Exercise #10 – Answers

ee The Beheading of St. John the Baptist (1608), by Caravaggio (1571-1610),  Oratory, Co-Cathedral, Valletta, Malta

Q1. What is happening in this picture?

A1. A semi-naked young man wearing a red garment is being executed by beheading by a semi-naked muscular man of a similar age, who is holding his brown hair in his left hand and wields a knife in his right, behind his back. Blood is oozing from his neck onto the ground. Five people are witnesses to the execution; three close-by: two women and a man, and two men on the right of the picture, looking out of a barred window, which could be a prison. The younger woman, seen in profile, is leaning forward holding a golden basin. The older woman is in the middle and an older man points to the basin as if ordering the executioner to finish the beheading and put the head into it.

Q2. What strikes you most about the way the painting is made?

A2. The most striking thing is the strong contrast of light and dark and the way in which the main action is placed on the left-hand side of the painting.

Q3. Describe the reaction of the onlookers?

A3. The executioner is concentrating on his task while the man to his right appears to have some authority as he directs what is going on. The younger girl on the left concentrates on her task of receiving the head into the basin she is holding. The only person who expresses horror at the beheading is the older lady in the middle who holds her head with both hands. The two prisoners look on with the realisation of their own fate.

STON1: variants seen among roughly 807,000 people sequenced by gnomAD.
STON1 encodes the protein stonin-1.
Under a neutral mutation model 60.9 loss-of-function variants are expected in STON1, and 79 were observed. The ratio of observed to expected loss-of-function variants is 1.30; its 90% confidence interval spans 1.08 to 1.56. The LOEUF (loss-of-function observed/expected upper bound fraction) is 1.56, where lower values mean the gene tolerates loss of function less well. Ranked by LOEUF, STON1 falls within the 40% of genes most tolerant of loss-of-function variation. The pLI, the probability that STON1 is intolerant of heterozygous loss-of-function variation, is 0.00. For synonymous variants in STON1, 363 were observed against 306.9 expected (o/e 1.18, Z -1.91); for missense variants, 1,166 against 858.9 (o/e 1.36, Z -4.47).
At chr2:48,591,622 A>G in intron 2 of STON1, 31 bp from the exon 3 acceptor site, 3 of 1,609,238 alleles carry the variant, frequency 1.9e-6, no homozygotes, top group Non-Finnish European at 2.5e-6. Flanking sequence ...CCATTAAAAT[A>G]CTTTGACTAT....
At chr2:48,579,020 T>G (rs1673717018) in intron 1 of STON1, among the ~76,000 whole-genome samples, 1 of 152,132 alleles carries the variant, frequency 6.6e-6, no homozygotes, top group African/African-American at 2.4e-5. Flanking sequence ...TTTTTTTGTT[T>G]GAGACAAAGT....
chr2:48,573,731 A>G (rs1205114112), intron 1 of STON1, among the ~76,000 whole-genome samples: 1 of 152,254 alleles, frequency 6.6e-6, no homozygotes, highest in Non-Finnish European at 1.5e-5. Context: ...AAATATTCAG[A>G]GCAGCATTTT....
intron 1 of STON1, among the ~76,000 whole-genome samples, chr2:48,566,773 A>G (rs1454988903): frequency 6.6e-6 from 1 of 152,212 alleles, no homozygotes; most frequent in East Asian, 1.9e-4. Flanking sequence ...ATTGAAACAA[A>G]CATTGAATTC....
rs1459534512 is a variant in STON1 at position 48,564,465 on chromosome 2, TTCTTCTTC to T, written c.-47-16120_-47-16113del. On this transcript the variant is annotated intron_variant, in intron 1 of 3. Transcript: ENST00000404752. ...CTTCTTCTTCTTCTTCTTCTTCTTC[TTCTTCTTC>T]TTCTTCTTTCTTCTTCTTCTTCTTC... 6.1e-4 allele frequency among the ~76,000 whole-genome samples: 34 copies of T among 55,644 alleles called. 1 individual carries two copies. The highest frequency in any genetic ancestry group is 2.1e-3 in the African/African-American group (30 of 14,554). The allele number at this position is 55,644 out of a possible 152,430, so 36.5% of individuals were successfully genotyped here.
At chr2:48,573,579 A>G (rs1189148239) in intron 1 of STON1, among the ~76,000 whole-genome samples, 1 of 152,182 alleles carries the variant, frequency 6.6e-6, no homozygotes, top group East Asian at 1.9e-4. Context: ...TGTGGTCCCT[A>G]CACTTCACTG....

Q4. Does the artist give us any indication of who the people are in the painting?

A4. No. Yet, we know from the title that this is the martyrdom scene of St. John the Baptist on the orders of Herod whom John the Baptist had reprimanded for divorcing his wife, and taking his brother’s wife, Herodias, as his. When her daughter, Salome, pleased Herod with her dancing, he promised her anything she wanted.  She asked for the head of John the Baptist.

Caravaggio, a master of Baroque realistic painting, does not show, as had been usual in the Renaissance, that this is the martyrdom of a saint. Martyrdom scenes were common themes in Renaissance art. A saint was usually indicated by a golden halo around their head.

Notes: Caravaggio, whose real name was Michelangelo Merisi, was from Caravaggio, a small town not far from Milan. He led a turbulent life having to flee from Rome to Malta after killing a man. This painting, commissioned by the Knights of Malta, is his largest (3.7m/12 feet X 5.2 m/ 17 feet), and his last, and the only picture signed by the artist. The signature “f. michang.o” is written in the blood; ‘f’ meaning, a brother of the Order, and his shortened name, ‘Michelangelo’. He was, briefly, a brother of the Order, but was defrocked in the same Oratory where the painting still hangs, for some unrecorded crime.